Inflammatory Bowel Disease 

A strong correlation between microbiome composition and IBD has been reported in the literature. Given this relationship, FMT is being explored as a treatment for this condition. The research suggests that the composition of the donor microbiome is the primary determinant of treatment efficacy, and clinical remission is achieved by roughly 20% of IBD patients receiving an FMT. Interestingly, FMT is also being studied in the context of hepatic steatosis (i.e. fatty liver), where a clinical trial suggested that patients receiving an FMT exhibited reductions in liver inflammation. 

Obesity and Diabetes 

Research in both the clinic and the laboratory now support the connection between the microbiome, diabetes, and obesity. In a study that administered fecal matter from lean individuals into individuals with insulin resistance, improvements in insulin sensitivity were observed for six weeks following the FMT. This efficacy corresponded to enhancements in the levels of Akkermansia muciniphila quantified in the microbiome. 

FMT Pros and Cons 

Pros

  • Proven clinical efficacy
  • Intact microbial communities can be transferred to recipients 

Cons

  • Logistical challenges in screening donor samples
  • Challenges with scalability and reaching large patient populations
  • Not all “healthy donor” samples are created equally, and quality of sample will dictate efficacy
  • FDA only authorize the FMT treatment case-by-case 

Symbiotic Microbial Consortia

Although specific species of bacteria in the gut have been identified as beneficial, boosting the levels of these key microbes is not as straightforward as simply consuming a probiotic. This is because there are various factors that must be considered to ensure a given species can thrive in the gut including: 

  • The nutrient requirements of the bacterium
  • How a species competes and/or cooperates with other microbes in the gut
  • Interactions between the species and pathogens
  • Effect of the species on the host 

Thus, the development of effective symbiotic microbial consortia (i.e. formulations containing multiple bacterial species that synergize to promote human health) is largely dependent on our ability to understand the complex interactions that occur between different members of the gut ecosystem. The development of effective consortia requires a deep understanding of the major commensal species in the gut and how they interact with one another. 

Commensal Gut Bacteria 

Of the bacteria that inhabit the gut, bacteria from the phyla Firmicutes and Bacteroidetes are the most abundant, while Proteobacteria, Verrrucomicrobia, and Actinobacteria comprise smaller subsets of the ecosystem. Research has identified key functions of multiple species within each phylum.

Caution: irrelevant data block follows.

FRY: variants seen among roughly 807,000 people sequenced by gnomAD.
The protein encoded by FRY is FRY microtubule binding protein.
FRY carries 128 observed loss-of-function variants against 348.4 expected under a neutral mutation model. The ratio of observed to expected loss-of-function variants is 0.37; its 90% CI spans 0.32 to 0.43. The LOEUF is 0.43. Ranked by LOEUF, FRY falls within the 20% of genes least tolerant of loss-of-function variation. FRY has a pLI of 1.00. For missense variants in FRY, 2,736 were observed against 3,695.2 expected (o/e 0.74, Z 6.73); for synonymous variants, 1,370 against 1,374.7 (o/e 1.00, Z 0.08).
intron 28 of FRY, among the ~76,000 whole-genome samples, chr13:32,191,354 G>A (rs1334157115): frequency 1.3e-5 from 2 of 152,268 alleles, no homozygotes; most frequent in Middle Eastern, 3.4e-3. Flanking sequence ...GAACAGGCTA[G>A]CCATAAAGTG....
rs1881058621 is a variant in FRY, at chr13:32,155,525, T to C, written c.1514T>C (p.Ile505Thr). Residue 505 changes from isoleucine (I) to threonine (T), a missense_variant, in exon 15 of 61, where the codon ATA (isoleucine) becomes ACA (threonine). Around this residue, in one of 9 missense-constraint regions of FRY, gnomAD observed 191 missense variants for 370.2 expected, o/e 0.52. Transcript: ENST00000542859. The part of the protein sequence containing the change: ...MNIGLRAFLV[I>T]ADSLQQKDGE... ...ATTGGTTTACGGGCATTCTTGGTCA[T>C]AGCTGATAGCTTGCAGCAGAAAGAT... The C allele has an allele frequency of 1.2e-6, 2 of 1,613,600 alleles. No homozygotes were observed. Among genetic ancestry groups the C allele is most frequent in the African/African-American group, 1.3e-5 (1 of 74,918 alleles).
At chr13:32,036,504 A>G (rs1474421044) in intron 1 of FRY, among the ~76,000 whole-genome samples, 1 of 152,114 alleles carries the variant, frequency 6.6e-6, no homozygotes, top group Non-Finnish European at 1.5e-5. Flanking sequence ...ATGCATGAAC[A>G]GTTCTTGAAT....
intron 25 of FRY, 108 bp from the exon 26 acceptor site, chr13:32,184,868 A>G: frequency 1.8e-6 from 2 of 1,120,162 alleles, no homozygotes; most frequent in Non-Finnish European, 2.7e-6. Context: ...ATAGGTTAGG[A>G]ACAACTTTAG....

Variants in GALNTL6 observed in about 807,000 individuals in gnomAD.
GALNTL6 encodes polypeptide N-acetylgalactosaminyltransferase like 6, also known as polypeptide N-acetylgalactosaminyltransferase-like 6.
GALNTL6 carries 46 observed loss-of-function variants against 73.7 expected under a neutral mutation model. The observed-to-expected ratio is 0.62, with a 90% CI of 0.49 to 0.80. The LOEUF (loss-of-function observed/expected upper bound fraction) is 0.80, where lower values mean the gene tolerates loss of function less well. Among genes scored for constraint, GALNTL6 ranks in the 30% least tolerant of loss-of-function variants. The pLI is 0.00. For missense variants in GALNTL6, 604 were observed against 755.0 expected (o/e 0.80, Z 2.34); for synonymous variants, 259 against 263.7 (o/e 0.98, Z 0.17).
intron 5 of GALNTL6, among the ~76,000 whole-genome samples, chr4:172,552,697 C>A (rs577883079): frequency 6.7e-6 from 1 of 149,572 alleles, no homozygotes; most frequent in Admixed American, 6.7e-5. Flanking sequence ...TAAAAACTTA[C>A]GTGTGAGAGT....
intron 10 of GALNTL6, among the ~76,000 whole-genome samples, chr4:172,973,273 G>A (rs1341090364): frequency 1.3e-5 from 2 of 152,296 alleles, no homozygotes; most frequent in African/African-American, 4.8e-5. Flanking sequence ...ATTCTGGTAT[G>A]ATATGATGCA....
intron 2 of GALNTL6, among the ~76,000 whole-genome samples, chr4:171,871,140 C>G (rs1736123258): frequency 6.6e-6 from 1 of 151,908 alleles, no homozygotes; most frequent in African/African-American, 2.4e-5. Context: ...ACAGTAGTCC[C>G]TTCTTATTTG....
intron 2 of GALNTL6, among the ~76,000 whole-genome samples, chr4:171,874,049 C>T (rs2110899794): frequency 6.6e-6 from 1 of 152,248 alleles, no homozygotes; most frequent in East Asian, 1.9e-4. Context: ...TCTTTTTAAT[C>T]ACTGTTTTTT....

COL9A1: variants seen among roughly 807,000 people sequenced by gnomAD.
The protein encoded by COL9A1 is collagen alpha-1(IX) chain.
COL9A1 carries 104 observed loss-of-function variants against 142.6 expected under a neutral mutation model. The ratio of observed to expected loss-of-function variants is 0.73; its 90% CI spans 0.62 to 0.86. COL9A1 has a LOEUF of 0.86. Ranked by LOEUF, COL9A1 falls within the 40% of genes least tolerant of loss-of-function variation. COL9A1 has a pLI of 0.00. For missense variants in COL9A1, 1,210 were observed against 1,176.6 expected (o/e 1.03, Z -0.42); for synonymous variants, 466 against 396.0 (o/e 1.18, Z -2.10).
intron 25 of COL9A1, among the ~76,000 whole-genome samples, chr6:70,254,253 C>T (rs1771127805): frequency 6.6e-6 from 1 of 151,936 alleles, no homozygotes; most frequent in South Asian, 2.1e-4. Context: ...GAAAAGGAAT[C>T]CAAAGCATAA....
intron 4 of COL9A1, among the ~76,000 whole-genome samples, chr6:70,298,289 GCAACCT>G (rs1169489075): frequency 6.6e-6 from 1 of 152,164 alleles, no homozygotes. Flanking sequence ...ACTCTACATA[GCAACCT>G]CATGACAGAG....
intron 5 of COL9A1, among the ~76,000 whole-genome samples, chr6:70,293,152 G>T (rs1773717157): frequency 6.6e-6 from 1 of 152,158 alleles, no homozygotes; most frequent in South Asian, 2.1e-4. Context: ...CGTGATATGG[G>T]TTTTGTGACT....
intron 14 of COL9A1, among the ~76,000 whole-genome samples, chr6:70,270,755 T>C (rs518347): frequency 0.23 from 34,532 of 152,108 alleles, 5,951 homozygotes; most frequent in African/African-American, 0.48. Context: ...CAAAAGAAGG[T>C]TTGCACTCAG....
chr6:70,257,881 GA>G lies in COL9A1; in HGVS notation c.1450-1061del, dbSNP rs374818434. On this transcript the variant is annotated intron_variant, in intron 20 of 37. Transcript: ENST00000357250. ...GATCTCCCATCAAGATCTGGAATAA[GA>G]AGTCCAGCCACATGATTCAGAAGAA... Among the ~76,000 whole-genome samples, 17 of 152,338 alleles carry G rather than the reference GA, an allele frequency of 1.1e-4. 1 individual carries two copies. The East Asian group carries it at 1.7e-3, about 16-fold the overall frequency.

Firmicutes 

The phylum Firmicutes includes species in the following orders: 

  • Lactobacillales
  • Clostridiales
  • Erysipelotrichia
  • Negativicutes 

In particular, a great deal of research has been conducted on species within the orders Lactobacillales and Clostridiales, and their roles as members of the microbiome have been examined. 

The functions of Lactobacillales include: 

  • Stimulation of antimicrobial compound production by the cells lining the gut
  • Helps restore balance in the mucosa following infection 

Indeed, Lactobacillales are some of the most commonly sold probiotics on the market. Interestingly, however, a 2018 study published in the journal Cell reported that the consumption of Lactobacillus-containing probiotics can actually be harmful in the context of post-antibiotic use as the ability of these bacteria to stimulate the production of antimicrobials by the gut leads to impairments in microbiome reconstitution following antibiotics [2]. 

The functions of Clostridiales include: 

  • Helps prevent pathogen colonization in the gut
  • Promotes colon cell energy metabolism
  • Protects against food allergy by supporting regulatory T cell populations
  • Produces the SCFA butyrate 

Interestingly, the levels of one species in this order, Ruminococcus gnavus, is positively associated with IBD symptoms, while other species show a correlation to obesity. In other words, the relationship of Clostridiales with gut health is not as simple as “good” or “bad”, and is instead context dependent. 

Bacteroidetes 

Bacteroidetes, which constitutes between 5 and 60% of the gut microbiome, is split into four primary families: 

  • Bacteroidaceae
  • Prevotellaceae
  • Rikenellaceae
  • Porphyromonadaceae 

Bacteroidetes engage in complex and important behaviors in the gut including: 

  • Breakdown of dietary fibers and other indigestible carbohydrates
  • Production of antimicrobial compounds to inhibit the growth of competing bacteria